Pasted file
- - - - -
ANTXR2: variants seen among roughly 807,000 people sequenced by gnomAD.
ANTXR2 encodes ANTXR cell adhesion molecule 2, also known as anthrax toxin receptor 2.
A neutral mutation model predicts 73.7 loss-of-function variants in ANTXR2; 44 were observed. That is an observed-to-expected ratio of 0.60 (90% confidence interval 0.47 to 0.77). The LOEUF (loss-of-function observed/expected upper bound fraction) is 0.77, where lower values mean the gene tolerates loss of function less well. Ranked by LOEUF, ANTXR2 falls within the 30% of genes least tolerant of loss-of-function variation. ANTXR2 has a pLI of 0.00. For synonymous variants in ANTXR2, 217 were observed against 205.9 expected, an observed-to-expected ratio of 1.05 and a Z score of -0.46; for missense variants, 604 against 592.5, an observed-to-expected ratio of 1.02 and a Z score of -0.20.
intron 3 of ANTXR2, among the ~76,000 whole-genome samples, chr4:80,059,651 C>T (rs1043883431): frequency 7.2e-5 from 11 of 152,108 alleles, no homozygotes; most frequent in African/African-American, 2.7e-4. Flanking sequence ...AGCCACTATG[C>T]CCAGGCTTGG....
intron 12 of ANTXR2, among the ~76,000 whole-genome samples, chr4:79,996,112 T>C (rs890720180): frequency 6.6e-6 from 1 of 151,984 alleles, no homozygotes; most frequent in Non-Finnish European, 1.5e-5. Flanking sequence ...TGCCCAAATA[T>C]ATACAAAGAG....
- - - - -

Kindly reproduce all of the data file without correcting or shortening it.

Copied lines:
ANTXR2: variants seen among roughly 807,000 people sequenced by gnomAD.
ANTXR2 encodes ANTXR cell adhesion molecule 2, also known as anthrax toxin receptor 2.
A neutral mutation model predicts 73.7 loss-of-function variants in ANTXR2; 44 were observed. That is an observed-to-expected ratio of 0.60 (90% confidence interval 0.47 to 0.77). The LOEUF (loss-of-function observed/expected upper bound fraction) is 0.77, where lower values mean the gene tolerates loss of function less well. Ranked by LOEUF, ANTXR2 falls within the 30% of genes least tolerant of loss-of-function variation. ANTXR2 has a pLI of 0.00. For synonymous variants in ANTXR2, 217 were observed against 205.9 expected, an observed-to-expected ratio of 1.05 and a Z score of -0.46; for missense variants, 604 against 592.5, an observed-to-expected ratio of 1.02 and a Z score of -0.20.
intron 3 of ANTXR2, among the ~76,000 whole-genome samples, chr4:80,059,651 C>T (rs1043883431): frequency 7.2e-5 from 11 of 152,108 alleles, no homozygotes; most frequent in African/African-American, 2.7e-4. Flanking sequence ...AGCCACTATG[C>T]CCAGGCTTGG....
intron 12 of ANTXR2, among the ~76,000 whole-genome samples, chr4:79,996,112 T>C (rs890720180): frequency 6.6e-6 from 1 of 151,984 alleles, no homozygotes; most frequent in Non-Finnish European, 1.5e-5. Flanking sequence ...TGCCCAAATA[T>C]ATACAAAGAG....